Tuesday, 20 February 2007

An explosive incident

The scorching and charring were in fact the legacy of an early November evening almost a year previously, prior to my arrival at the school. The tuck box room was a well-established haunt of smokers, situated as it was apart from the staff quarters. It also had the advantage of being distanced from the attentions of the boarding prefects who had their own studies within which to indulge their particular vices.

It transpired that one evening a bored and disaffected gasper had absent-mindedly applied a glowing cigarette end to a fragment of paper peeping innocently from the lid of GNP ’s box. It took less than thirty seconds to discover that this was in fact the business end of twenty pounds worth of assorted fireworks intended for the boarding house Guy Fawkes celebrations. That year’s display turned out to be an intensely private affair observed only by the two or three miscreants who happened to be having a fag at the time. They had emerged from the cacophony of screeches, bangs and explosive flashes accompanied by vast curling blankets of dense smoke. The smell of gunpowder and saltpetre lingered for some months afterwards. Marginally longer than the swollen ears and lips of the idiot who had deprived the whole school of their bonfire night celebrations that year.

I glared at my glossed grass-green box, noting the coarse cutout carrying handles. I could remember clearly how they had dug into my hands as mother and I had carried the box up the High Street from the bus stop. I can still feel how my ears and face burnt with shame as we approached the school where other pupils and their parents were busy disgorging new trunks and cases from shiny motor cars. I had then to endure the return journey to retrieve the cases we had not been able to manage on the first trip. I had been again painfully conscious of the curious looks of other parents and pupils as mother and I walked the gauntlet of their stares for the second time. It was not an auspicious beginning to boarding school life.

Cruddy, poxy box, its whole aura flashed ‘makeshift’ which hardly accorded with the look of triumph on the face of my father as he had emerged from the dusty, back storeroom, bearing this monstrously amateur fabrication. His reassurances of its solidity had fallen upon deaf ears, for even as the final licks of paint were being slopped on there was no disguising its provenance. The completely awkward physical presence of the thing screamed ‘I am the property of, can only belong to, a complete and utter turd.’ And each time it was used as the preferred stepping-stone to the swankier boxes arranged neatly on tiered shelves, the implication to me was quite clear;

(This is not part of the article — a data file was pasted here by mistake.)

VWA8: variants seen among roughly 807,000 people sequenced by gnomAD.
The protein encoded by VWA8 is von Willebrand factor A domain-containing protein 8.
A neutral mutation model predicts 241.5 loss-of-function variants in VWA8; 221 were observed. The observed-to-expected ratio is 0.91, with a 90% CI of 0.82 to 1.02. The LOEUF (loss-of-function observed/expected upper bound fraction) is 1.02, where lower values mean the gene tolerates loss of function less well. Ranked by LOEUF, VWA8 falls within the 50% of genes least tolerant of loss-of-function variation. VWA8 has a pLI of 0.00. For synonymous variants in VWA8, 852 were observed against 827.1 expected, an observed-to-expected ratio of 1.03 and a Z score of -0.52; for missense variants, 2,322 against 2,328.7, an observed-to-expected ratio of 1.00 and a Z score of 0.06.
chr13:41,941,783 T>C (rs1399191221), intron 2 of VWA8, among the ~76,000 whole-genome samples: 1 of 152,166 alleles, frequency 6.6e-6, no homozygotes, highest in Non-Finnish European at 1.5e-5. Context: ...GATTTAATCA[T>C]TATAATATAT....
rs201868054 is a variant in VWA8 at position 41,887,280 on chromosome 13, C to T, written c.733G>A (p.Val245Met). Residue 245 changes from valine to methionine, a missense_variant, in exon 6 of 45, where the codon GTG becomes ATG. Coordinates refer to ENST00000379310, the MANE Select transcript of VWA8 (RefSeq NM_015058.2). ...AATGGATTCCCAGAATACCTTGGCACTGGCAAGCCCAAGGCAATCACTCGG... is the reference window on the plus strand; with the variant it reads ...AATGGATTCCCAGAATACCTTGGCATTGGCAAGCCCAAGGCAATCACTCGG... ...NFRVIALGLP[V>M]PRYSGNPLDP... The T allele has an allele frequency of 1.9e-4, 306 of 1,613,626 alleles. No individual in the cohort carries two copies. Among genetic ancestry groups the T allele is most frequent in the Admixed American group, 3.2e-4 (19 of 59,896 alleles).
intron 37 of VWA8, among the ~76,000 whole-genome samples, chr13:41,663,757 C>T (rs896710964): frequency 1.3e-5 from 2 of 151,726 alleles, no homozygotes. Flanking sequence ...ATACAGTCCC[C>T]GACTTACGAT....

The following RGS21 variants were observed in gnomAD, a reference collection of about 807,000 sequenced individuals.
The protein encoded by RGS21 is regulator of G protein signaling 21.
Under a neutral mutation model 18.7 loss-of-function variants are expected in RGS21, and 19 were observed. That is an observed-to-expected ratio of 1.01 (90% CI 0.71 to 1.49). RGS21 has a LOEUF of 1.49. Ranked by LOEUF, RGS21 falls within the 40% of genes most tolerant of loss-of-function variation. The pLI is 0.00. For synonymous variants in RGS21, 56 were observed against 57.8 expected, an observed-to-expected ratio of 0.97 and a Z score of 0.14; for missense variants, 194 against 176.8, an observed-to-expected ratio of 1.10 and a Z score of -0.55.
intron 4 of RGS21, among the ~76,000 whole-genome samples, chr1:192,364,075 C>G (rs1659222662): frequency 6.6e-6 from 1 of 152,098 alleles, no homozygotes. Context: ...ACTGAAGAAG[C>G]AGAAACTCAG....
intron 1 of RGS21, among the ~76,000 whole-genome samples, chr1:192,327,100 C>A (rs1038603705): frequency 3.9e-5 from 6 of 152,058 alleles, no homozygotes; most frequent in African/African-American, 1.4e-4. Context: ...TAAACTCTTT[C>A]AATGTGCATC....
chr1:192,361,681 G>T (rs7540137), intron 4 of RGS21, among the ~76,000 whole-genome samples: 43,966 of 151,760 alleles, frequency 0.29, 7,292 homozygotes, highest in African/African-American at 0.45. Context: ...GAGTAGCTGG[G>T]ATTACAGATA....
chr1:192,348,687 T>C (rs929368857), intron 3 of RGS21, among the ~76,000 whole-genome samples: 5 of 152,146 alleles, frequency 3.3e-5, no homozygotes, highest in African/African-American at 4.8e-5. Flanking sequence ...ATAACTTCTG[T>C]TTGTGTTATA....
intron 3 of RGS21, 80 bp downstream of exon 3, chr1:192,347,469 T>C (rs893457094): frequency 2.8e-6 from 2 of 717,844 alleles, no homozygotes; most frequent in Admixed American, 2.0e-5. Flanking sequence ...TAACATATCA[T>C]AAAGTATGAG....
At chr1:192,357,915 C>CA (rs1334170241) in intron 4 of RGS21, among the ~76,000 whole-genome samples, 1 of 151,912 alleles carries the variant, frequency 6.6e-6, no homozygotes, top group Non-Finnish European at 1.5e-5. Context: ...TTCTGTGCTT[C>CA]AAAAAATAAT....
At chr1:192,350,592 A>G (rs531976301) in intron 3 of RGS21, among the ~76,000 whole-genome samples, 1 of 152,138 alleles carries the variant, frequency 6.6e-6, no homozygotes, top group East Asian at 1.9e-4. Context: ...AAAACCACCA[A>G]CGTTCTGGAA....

You are your box.

How I loathed that box!

Monday, 19 February 2007

That box!

With a scuffed shoe, I gave the box a good kick, sending it sliding across the grey, stone floor. I hated that green wooden box as the Devil hates Holy Water! Its transformation from a worm chewn beer crate had been cursory. Partitions, cobwebs, dead insects and other detritus removed, the box had been augmented with a hinged lid knocked together from two pieces of mouldy plank. Hasped and stapled, a smearing of bright green gloss paint (no primer, no undercoat), had completed the reincarnation. This was my tuckbox.

It squatted forlornly surrounded by professionally manufactured trunks, complete with leather bindings, bright brass corner plates, rows of shining rivets and gleaming locks. Many incorporated carefully stencilled or hand-painted monograms, clues to the owner of each treasured casket. My grass-green glossed beer crate needed no such identification unlikely as it was to be confused with any other.

The box slid easily across the burnished stone floor like an old house brick hurled across an icy pond. It slid easily since, as usual, it was almost empty save for two choice items. A partly consumed packet of mouldy, crumbling Lincoln biscuits and a leaking glass bottle containing a cheap chemical confection known as Orange Squash. Usually diluted with water I had taken to drinking this neat in a Proustian effort to evoke the distant flavour of oranges that lingered in the deeper recesses of my memory. It never did.

My box thudded to a halt at the far corner of the room, arrested in its curling glide by a well crafted, wooden trunk. Upon the lid in gilded, gothic script had been lovingly inscribed the monogram GNP. The trunk was also conspicuous for being heavily scorched and charred around the lid as though the owner, having mislaid the key, had attempted to effect an entry with the assistance of one of those very large heat lances so beloved of television safebreakers. Perhaps even one of those science inspired laser guns that, in the hands of technologically au fait master criminals, were beginning to make such an impression upon impregnable vaults in the cinematic world. At any rate, the general effect was that some pyromaniac had had a jolly good go at GNP’s box for one reason or another. The truth however turned out to be rather more prosaic than my imaginative leaps of fancy, though no less explosive.